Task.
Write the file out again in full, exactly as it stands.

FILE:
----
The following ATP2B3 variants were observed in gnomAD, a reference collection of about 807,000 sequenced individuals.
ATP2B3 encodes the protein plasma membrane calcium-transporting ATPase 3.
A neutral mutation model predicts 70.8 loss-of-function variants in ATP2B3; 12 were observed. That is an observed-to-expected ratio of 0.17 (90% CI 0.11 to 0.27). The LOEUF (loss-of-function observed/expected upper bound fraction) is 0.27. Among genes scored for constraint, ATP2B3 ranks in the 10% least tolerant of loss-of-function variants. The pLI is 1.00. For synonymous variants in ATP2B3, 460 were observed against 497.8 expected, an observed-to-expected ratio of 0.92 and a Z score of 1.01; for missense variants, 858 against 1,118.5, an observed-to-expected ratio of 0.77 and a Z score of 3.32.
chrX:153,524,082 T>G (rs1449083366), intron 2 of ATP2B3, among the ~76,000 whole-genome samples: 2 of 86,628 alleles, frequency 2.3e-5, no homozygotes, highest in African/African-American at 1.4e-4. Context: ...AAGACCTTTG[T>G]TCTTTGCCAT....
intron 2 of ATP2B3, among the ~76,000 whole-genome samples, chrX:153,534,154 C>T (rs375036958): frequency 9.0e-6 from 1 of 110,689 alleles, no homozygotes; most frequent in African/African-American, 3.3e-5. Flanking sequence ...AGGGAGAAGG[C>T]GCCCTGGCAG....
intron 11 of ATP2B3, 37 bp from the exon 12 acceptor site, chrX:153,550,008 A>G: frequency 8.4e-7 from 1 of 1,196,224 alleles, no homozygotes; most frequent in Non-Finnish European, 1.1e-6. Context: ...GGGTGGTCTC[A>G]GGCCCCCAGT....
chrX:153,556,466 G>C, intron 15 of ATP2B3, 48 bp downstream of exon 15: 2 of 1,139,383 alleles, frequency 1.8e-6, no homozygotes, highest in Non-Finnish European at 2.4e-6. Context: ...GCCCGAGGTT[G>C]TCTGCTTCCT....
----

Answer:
The following ATP2B3 variants were observed in gnomAD, a reference collection of about 807,000 sequenced individuals.
ATP2B3 encodes the protein plasma membrane calcium-transporting ATPase 3.
A neutral mutation model predicts 70.8 loss-of-function variants in ATP2B3; 12 were observed. That is an observed-to-expected ratio of 0.17 (90% CI 0.11 to 0.27). The LOEUF (loss-of-function observed/expected upper bound fraction) is 0.27. Among genes scored for constraint, ATP2B3 ranks in the 10% least tolerant of loss-of-function variants. The pLI is 1.00. For synonymous variants in ATP2B3, 460 were observed against 497.8 expected, an observed-to-expected ratio of 0.92 and a Z score of 1.01; for missense variants, 858 against 1,118.5, an observed-to-expected ratio of 0.77 and a Z score of 3.32.
chrX:153,524,082 T>G (rs1449083366), intron 2 of ATP2B3, among the ~76,000 whole-genome samples: 2 of 86,628 alleles, frequency 2.3e-5, no homozygotes, highest in African/African-American at 1.4e-4. Context: ...AAGACCTTTG[T>G]TCTTTGCCAT....
intron 2 of ATP2B3, among the ~76,000 whole-genome samples, chrX:153,534,154 C>T (rs375036958): frequency 9.0e-6 from 1 of 110,689 alleles, no homozygotes; most frequent in African/African-American, 3.3e-5. Flanking sequence ...AGGGAGAAGG[C>T]GCCCTGGCAG....
intron 11 of ATP2B3, 37 bp from the exon 12 acceptor site, chrX:153,550,008 A>G: frequency 8.4e-7 from 1 of 1,196,224 alleles, no homozygotes; most frequent in Non-Finnish European, 1.1e-6. Context: ...GGGTGGTCTC[A>G]GGCCCCCAGT....
chrX:153,556,466 G>C, intron 15 of ATP2B3, 48 bp downstream of exon 15: 2 of 1,139,383 alleles, frequency 1.8e-6, no homozygotes, highest in Non-Finnish European at 2.4e-6. Context: ...GCCCGAGGTT[G>C]TCTGCTTCCT....